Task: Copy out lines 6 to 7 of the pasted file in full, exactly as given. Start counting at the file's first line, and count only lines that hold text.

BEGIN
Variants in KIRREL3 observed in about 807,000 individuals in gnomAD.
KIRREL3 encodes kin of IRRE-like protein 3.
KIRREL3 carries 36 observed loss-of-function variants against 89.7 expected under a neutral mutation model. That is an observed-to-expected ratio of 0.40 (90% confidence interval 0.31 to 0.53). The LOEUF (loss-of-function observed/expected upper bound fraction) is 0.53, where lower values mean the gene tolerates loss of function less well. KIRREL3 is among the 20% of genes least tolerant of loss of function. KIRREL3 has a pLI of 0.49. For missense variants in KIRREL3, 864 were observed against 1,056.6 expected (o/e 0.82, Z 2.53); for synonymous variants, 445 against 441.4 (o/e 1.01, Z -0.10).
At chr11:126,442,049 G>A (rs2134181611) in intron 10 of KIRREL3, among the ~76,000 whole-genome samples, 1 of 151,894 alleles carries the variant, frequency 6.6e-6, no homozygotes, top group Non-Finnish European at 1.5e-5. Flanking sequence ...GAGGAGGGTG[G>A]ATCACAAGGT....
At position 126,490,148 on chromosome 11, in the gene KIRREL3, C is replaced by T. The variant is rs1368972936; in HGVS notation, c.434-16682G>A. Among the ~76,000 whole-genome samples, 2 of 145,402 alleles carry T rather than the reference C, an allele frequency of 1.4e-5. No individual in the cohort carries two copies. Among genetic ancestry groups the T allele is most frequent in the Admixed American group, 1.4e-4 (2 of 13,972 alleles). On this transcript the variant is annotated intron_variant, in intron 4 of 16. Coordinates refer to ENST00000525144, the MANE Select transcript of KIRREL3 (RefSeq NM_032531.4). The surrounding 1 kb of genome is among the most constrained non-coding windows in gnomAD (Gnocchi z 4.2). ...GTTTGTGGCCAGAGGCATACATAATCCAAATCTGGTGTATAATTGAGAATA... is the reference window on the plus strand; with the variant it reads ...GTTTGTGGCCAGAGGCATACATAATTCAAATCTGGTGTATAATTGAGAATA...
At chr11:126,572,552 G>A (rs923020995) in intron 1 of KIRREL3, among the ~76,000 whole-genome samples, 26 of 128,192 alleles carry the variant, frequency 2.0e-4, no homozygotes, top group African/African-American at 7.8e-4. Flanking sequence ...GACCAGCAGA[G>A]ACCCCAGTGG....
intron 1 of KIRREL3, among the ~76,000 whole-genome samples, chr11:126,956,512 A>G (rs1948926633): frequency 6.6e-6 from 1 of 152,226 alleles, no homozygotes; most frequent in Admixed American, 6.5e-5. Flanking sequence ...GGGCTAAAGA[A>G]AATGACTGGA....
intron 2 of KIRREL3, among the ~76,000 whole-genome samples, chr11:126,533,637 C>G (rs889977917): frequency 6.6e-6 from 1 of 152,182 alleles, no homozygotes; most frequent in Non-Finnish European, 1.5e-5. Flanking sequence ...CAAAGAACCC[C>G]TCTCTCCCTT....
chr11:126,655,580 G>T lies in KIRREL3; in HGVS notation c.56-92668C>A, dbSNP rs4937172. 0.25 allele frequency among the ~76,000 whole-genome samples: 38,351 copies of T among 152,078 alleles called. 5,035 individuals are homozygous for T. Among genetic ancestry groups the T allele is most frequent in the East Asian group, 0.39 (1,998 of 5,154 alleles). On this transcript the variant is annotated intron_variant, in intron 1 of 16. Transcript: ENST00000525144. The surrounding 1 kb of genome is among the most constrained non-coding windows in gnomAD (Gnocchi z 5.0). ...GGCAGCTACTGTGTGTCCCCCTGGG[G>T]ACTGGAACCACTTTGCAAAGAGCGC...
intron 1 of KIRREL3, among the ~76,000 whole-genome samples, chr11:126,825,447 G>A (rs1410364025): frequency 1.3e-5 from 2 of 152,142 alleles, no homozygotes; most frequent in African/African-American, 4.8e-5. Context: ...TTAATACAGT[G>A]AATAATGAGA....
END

At chr11:126,572,552 G>A (rs923020995) in intron 1 of KIRREL3, among the ~76,000 whole-genome samples, 26 of 128,192 alleles carry the variant, frequency 2.0e-4, no homozygotes, top group African/African-American at 7.8e-4. Flanking sequence ...GACCAGCAGA[G>A]ACCCCAGTGG....
intron 1 of KIRREL3, among the ~76,000 whole-genome samples, chr11:126,956,512 A>G (rs1948926633): frequency 6.6e-6 from 1 of 152,226 alleles, no homozygotes; most frequent in Admixed American, 6.5e-5. Flanking sequence ...GGGCTAAAGA[A>G]AATGACTGGA....